The use of varenicline (Chantix, Pfizer) to stop smoking is associated with a 72 percent increased risk of a serious adverse cardiovascular event, according to an article published July 4 in the Canadian Medical Association Journal.
When varenicline was launched in 2006, the FDA safety reviewers reported that existing data indicated it could raise the risk of adverse cardiac events. Last month, the FDA issued a label update of a boxed warning for Chantix based on a small increased risk of cardiovascular events among smokers with heart disease.
Researchers from Johns Hopkins University School of Medicine in Baltimore, the University of East Anglia in Norwich, England, and Wake Forest Baptist Medical Center in Winston-Salem, N.C., sought to investigate the serious cardiac effects of varenicline in tobacco users (smokers or smokeless tobacco users) compared with placebos in clinical trials. They examined 14 trials that included 8,216 patients (4,908 people on varenicline and 3,308 taking placebos). All trials, except one, excluded people with a history of heart disease.
In the study, 1.06 percent of participants taking varenicline had adverse events compared with 0.82 percent participants on placebo. Seven of the 4,908 people taking varenicline died compared with seven of 3,308 receiving placebo.
"Among tobacco users varenicline use was associated with a significantly increased risk of serious adverse cardiovascular events greater than 72 percent," wrote lead author Sonal Singh, MD, MPH, of Johns Hopkins, and colleagues.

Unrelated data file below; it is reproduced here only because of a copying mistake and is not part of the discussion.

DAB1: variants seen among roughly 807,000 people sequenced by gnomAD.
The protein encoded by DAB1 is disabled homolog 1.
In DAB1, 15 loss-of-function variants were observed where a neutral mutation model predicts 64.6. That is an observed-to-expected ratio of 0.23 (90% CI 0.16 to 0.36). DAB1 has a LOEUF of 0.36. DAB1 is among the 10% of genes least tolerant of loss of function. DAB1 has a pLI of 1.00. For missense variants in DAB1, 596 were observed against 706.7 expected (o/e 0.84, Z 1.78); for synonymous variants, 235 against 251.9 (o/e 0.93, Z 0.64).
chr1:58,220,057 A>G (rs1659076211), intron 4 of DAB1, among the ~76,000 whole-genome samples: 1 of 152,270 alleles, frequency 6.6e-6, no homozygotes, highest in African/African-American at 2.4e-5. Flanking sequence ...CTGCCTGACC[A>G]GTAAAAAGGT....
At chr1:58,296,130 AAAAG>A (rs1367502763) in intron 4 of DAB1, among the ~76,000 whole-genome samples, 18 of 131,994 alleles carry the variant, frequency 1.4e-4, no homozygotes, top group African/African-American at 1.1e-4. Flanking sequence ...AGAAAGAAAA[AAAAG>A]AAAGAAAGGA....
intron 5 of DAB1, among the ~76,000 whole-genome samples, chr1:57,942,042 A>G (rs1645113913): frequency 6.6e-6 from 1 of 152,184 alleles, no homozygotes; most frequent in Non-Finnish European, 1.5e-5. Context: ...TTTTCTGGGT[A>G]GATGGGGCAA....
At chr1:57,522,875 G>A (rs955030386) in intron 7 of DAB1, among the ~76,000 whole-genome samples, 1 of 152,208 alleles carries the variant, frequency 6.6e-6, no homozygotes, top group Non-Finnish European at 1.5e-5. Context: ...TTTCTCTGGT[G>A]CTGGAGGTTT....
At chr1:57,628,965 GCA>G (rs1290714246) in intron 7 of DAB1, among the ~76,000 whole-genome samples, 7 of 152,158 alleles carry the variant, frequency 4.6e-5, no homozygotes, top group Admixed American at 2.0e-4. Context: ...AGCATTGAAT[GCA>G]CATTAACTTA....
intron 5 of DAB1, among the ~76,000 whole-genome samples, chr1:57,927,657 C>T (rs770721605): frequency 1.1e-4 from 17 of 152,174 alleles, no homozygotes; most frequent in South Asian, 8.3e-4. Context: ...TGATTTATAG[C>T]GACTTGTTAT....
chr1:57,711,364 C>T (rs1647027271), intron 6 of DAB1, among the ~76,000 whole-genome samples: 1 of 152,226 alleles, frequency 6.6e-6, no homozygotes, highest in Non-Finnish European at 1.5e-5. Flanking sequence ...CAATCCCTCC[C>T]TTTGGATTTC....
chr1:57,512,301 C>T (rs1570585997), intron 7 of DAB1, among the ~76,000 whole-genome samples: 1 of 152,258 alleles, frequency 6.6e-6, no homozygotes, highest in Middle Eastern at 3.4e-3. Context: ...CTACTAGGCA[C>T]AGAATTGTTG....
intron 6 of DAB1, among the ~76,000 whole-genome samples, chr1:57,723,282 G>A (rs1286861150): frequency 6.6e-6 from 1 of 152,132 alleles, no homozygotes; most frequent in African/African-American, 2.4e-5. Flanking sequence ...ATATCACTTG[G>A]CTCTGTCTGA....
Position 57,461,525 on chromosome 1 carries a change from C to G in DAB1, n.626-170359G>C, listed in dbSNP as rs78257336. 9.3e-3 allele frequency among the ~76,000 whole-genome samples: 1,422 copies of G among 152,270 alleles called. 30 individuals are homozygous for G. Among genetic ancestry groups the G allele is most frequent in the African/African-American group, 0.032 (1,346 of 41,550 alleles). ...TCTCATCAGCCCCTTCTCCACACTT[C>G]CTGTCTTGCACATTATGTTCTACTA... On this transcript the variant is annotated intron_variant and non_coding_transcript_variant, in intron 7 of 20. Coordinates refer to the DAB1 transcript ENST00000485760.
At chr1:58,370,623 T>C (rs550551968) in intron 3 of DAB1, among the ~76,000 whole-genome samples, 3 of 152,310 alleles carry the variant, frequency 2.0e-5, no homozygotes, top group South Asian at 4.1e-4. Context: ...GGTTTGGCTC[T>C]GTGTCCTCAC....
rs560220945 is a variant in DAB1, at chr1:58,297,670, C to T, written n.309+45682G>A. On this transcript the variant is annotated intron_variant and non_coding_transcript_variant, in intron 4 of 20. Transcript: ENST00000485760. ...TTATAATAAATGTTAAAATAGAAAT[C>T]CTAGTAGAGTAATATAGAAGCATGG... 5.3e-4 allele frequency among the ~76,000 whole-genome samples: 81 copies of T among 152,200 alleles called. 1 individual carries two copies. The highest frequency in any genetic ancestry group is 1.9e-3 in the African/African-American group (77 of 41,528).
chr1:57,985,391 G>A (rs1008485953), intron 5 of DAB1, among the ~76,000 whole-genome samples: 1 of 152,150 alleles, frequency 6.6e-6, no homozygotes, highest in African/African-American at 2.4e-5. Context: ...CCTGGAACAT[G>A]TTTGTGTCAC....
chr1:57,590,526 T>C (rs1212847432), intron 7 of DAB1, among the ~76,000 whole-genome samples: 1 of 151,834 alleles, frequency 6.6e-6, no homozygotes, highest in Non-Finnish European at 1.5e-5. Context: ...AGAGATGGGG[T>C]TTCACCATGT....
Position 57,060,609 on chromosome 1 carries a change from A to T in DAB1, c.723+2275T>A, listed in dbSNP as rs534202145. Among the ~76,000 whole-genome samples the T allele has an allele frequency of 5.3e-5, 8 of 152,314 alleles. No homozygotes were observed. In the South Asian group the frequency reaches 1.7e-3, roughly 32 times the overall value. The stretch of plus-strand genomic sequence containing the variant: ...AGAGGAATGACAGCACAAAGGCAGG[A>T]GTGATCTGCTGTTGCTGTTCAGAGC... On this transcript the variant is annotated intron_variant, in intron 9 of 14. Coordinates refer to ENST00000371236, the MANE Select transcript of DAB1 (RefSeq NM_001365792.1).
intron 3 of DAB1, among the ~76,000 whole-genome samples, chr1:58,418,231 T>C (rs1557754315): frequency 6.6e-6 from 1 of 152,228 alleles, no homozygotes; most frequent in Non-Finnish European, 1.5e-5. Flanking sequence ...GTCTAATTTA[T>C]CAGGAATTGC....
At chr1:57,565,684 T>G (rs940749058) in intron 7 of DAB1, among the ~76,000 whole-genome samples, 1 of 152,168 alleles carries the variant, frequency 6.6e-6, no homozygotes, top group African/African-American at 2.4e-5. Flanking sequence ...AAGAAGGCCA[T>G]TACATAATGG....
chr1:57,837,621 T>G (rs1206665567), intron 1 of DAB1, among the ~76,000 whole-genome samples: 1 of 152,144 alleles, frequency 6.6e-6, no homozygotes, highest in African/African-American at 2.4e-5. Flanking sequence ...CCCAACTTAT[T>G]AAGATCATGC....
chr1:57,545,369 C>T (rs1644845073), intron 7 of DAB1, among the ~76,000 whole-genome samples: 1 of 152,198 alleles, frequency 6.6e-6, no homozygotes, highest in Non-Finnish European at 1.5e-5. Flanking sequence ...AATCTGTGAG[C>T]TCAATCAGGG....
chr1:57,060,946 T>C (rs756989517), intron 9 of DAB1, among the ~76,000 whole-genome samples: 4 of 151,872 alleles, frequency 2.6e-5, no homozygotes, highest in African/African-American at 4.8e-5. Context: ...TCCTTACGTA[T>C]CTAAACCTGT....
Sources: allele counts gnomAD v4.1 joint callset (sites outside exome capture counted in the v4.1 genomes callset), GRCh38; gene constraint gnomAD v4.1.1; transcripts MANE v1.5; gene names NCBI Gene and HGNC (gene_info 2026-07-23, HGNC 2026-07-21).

"However, despite achieving more than twofold higher rates of abstinence in the trials, which should potentially induce a cardiovascular benefit, the participants allocated to varenicline experienced an increase in the risk of serious adverse cardiovascular events," they wrote. "These increased risks of adverse cardiovascular events are seen in smokers with or without heart disease.”
They added that the additional risks of depression, agitation and suicidal thoughts which resulted in the FDA issuing a boxed warning—the highest level of warning—for the drug.
Despite study limitations, such as variable data and lack of statistical strength, the researchers concluded that "clinicians should carefully balance the risk of serious cardiovascular events and other serious neuropsychiatric adverse events associated with varenicline against their known benefits on smoking cessation."
In an accompanying commentary, J. Taylor Hays, MD, from the Mayo Clinic in Rochester, Minn., wrote: "Although these results suggest a measure of caution should be taken in prescribing varenicline for tobacco dependence treatment, the small absolute risk of cardiovascular events associated with varenicline treatment is outweighed by the enormous benefit for reducing cardiovascular morbidity and mortality that can be achieved with successful smoking abstinence."
"The risk for cardiovascular events is low and is far outweighed by the benefits of diminishing the truly 'heartbreaking' effects of cigarette smoking," Hays concluded.